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Q: My parents had cataracts. What causes cataracts and is there anything I can do to prevent them?

A: Age is the most important factor in developing cataracts. We will all get cataracts if we are fortunate enough to live that long. Of course some people get them earlier in life, and there are same factors that promote earlier cataracts.

Clearly eye trauma, diabetes, and steroid use (glucocorticoids like prednisone) are factors and are to some extent modifiable. You can't un-injure your eye, but you can wear eye protection. Diabetes in this country is mostly Type 2, which is often related to obesity and therefore is largely preventable with good diet and exercise. If you already have diabetes, be sure to manage it closely to limit tissue damage. Steroid use is typically under the care of a physician and is done for a reason, so that's a tougher one. It is still worth thinking about though because it seems that the more steroids a person receives in a lifetime, the more likely they are to develop cataracts. Perhaps there is a different drug that might be better for you if you are taking a lot of steroids. It's ok to ask your doctor about that.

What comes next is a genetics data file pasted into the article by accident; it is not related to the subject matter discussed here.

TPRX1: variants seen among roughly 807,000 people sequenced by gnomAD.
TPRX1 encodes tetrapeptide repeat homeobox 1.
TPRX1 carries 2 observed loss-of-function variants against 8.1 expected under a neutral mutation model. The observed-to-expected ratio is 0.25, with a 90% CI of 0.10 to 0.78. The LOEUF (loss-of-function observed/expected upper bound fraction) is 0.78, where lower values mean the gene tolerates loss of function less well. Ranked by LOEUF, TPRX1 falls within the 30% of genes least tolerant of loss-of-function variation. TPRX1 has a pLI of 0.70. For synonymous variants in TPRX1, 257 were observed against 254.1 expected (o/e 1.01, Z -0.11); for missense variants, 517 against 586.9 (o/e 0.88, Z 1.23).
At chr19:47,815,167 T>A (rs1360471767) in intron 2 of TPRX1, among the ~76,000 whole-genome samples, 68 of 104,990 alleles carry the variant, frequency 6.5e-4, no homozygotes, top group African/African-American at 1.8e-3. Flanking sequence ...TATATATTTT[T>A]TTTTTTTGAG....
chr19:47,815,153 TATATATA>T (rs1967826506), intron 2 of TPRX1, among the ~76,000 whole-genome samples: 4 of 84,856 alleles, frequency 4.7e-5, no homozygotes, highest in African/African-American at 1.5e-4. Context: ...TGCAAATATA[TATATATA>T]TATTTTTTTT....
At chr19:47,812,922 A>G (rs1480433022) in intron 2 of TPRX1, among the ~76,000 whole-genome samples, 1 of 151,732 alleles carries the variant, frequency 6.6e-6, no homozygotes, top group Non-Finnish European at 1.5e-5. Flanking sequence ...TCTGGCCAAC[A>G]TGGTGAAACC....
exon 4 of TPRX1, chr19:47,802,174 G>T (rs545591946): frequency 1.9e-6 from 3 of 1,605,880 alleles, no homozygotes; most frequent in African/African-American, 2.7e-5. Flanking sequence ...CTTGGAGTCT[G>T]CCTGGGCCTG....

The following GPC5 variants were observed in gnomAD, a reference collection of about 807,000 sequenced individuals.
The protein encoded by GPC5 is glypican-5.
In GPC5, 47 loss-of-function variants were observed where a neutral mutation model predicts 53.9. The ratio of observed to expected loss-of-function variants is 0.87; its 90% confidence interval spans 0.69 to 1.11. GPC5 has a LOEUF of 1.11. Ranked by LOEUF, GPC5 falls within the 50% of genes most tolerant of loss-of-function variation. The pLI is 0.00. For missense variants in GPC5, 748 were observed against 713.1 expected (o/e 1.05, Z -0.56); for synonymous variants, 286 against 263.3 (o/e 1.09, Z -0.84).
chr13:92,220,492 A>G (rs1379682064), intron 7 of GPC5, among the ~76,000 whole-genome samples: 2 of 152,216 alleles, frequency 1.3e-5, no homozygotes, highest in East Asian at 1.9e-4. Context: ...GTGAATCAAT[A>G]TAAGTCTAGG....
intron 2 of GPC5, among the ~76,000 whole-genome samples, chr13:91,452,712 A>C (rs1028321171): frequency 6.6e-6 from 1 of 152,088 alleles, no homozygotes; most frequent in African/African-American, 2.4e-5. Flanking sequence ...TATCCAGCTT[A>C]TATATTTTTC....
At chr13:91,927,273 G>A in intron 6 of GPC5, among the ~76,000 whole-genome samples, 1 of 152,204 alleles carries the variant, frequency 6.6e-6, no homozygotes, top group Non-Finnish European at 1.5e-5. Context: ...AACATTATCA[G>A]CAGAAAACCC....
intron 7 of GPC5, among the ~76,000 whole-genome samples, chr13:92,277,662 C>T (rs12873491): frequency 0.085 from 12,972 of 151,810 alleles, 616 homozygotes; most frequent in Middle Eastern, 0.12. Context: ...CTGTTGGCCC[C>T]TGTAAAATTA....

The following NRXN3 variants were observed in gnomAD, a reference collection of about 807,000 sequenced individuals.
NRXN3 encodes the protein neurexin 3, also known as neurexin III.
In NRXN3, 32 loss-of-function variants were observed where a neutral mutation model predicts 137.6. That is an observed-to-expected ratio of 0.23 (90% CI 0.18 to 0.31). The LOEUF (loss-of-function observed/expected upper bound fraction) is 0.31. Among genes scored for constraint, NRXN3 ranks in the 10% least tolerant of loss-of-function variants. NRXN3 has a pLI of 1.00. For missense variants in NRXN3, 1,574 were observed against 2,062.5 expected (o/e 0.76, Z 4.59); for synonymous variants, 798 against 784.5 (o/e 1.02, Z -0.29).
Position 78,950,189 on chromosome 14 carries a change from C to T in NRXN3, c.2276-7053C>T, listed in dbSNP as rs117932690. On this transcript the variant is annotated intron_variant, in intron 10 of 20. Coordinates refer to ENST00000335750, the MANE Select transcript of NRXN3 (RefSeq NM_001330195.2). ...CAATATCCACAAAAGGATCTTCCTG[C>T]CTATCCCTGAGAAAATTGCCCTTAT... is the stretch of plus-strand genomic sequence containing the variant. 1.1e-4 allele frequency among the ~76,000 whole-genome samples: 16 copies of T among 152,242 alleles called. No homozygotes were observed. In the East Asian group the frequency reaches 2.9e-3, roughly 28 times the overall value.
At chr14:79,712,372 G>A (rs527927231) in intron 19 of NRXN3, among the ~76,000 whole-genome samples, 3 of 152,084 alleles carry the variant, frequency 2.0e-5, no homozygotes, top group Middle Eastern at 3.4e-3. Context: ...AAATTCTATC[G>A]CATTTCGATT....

Smoking also seems to contribute to cataract, but frankly if you smoke there are more significant reasons to quit, such as the hugely increased risk for cancer, heart disease and stroke. Ultraviolet light, similarly, may contribute to cataracts, but it seems to be a relatively minor player. The key with ultraviolet light is moderation. It can also cause skin cancers (and even eyeball cancers), including melanoma, which can be deadly.

Hall T. McGee, M.D.

Hall T. McGee, M.D., Everett & Hurite Ophthalmic Association, can be reached at (412) 288-0885 or mcgeeh@gmail.com


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